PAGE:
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Llewellyn King

Llewellyn King

Llewellyn King is the executive producer and host of "White House Chronicle" on PBS. His e-mail address is lking@kingpublishing.com

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Mystery Of The Adviser Who Turned Obama Against Keystone XL

Mystery Of The Adviser Who Turned Obama Against Keystone XL

In medieval courts, the legendary question was, “Who advises the king?”

In Washington we ask this very real question, “Who’s advising him?” Washington believes in advisers, who are often the authors of big decisions made by others.

When George W. Bush was running for president the first time, I raised the question about his lack of knowledge in foreign policy. One of his staunch supporters countered, “He’ll have good advisers.”

Advisers come in all shapes and sizes in politics. A trusted aide may shape a senator’s understanding of an issue, and set the legislator on a path that later might be regretted but cannot be reversed. “Flip-flop” is a deadly accusation in public life.

When President Obama makes a decision, one wonders on whose advice? Who started the locomotive rolling down the track?

This week, one wonders who led Obama to endlessly delay a decision on the Keystone XL pipeline, which should have been a rather mundane issue until he was backed into vetoing a congressional effort to move the project forward? Related: How Obama Could Turn The Keystone Debate To His Advantage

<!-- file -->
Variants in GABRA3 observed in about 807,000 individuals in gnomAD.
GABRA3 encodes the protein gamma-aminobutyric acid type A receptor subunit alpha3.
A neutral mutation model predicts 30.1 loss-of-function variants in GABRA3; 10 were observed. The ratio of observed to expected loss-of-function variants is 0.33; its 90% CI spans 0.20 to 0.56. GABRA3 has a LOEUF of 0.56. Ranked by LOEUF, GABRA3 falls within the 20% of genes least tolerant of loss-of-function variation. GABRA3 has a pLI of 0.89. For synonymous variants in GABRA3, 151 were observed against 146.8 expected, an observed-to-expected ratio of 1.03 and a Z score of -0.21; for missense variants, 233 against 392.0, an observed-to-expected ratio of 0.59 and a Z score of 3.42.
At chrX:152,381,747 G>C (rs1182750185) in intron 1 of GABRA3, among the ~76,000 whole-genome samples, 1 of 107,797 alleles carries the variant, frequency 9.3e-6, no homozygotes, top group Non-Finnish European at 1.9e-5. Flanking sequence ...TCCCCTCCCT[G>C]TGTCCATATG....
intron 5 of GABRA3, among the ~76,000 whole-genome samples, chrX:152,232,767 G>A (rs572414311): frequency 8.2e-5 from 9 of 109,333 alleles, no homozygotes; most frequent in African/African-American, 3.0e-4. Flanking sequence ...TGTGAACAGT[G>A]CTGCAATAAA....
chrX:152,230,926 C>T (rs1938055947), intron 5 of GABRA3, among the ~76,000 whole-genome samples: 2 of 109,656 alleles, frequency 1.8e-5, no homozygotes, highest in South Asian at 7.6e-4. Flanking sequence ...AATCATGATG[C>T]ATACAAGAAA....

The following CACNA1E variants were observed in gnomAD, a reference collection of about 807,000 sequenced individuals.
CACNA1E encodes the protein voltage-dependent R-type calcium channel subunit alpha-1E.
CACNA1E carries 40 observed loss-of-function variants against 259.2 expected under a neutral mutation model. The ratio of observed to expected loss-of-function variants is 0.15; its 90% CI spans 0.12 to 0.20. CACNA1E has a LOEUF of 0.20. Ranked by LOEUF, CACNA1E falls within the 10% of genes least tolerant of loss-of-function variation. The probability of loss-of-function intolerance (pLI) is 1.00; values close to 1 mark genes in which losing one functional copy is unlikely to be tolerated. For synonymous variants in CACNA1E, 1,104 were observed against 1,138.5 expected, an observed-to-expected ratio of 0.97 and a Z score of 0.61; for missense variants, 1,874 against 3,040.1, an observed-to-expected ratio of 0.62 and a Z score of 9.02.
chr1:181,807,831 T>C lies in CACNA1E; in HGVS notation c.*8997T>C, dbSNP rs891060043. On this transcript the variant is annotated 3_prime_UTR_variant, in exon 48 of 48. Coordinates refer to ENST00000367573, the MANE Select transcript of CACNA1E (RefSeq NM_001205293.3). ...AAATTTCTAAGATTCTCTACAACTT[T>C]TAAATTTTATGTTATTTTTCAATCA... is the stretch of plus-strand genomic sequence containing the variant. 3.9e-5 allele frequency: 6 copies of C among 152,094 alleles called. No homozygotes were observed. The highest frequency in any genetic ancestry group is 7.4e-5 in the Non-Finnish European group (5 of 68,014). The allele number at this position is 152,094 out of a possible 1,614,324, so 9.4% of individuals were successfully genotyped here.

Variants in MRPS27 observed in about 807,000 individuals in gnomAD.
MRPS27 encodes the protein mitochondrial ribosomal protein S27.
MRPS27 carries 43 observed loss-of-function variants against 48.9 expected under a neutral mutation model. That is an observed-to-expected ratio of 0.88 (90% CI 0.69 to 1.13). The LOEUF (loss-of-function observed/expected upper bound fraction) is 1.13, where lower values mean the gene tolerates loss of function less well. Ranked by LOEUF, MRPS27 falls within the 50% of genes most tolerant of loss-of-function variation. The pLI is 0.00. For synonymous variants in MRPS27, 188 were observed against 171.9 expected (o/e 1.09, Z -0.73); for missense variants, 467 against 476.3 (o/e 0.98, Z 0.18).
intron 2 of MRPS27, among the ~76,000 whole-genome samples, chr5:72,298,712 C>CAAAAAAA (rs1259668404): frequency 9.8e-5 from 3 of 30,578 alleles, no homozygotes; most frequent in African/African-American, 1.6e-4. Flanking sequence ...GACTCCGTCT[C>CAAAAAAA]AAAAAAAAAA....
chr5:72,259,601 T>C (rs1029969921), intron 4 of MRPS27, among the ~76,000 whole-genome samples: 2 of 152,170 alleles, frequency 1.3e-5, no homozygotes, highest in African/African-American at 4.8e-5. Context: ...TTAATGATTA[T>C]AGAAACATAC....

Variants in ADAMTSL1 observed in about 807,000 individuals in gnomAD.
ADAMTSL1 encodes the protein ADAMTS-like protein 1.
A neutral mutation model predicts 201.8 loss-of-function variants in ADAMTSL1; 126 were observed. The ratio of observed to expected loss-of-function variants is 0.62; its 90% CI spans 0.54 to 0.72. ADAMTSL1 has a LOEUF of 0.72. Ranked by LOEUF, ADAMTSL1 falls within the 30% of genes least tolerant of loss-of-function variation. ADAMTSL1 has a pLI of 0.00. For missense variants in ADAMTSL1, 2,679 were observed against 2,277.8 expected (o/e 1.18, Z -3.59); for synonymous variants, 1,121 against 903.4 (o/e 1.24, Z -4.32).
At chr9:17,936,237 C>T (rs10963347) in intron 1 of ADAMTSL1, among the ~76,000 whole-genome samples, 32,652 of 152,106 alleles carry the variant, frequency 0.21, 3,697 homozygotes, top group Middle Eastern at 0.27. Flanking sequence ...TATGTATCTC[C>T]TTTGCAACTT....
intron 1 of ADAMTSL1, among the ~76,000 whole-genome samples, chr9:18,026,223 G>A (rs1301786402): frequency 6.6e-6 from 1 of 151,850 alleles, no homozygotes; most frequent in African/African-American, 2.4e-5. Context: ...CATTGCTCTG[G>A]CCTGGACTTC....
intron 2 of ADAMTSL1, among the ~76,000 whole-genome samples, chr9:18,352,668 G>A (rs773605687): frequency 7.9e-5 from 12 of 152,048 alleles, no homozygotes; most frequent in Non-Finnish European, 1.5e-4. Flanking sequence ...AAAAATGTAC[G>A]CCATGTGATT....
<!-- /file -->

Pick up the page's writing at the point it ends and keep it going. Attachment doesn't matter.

There are 2.5 million miles of pipe buried in the ground in the U.S., 190,000 of which carry crude oil. The Keystone XL pipeline would have carried crude for 1,179 miles. It should have been a no-brainer for the State Department, which has jurisdiction because a foreign country, Canada, is involved. It is not hard to make a pipeline safe, and this one would be engineered as no other has.

But a core of dedicated environmentalists saw it as a wedge. Their target was not then and never has been the pipeline, but rather the Alberta oil sands project, where much of the oil would originate. By cutting off deliveries of the oil to the U.S. market, they hoped to wound the project and eventually close it down.

I am no fan of the oil sands – which used to be called “tar sands” – project. I think it is abusive of the earth. It involves massive surface mining and has so scarred the region that the great pit can be seen from space. It is also a contributor to air pollution because the sands have to be retorted with natural gas.

It is not a pretty business wringing the oil from the sands. However, not building the pipeline will not close down the oil sands project as environmentalists have hoped. Only low prices can do that.

The Canadians are angry. They feel betrayed by the White House and stigmatized by outside forces like the Natural Resources Defense Council (NRDC), which has been a relentless antagonist of the pipeline and the oil sands project.

The question is who persuaded Obama? In November 2011, Canada's minister of natural resources, Joe Oliver, told me at an energy meeting in Houston that he had been told privately that the pipeline deal was done, and he was expecting Obama to sign off on a State Department decision in weeks.

But it did not happen. One or more people in the White House – Obama takes advice from a small circle of advisers in the White House rather than his cabinet secretaries -- was able to sow doubt in the president’s mind about the pipeline. Related: North American Energy Integration Could Bring The Planet To Its Knees

The results: More oil moves by rail car which is resulting in accidents in Canada and the United States. An ally is offended, and there is bad blood that will affect other trade issues. Thousands of construction jobs in the Midwest are lost. Obama looks bad: the captive of a very small part of the constituency that elected him.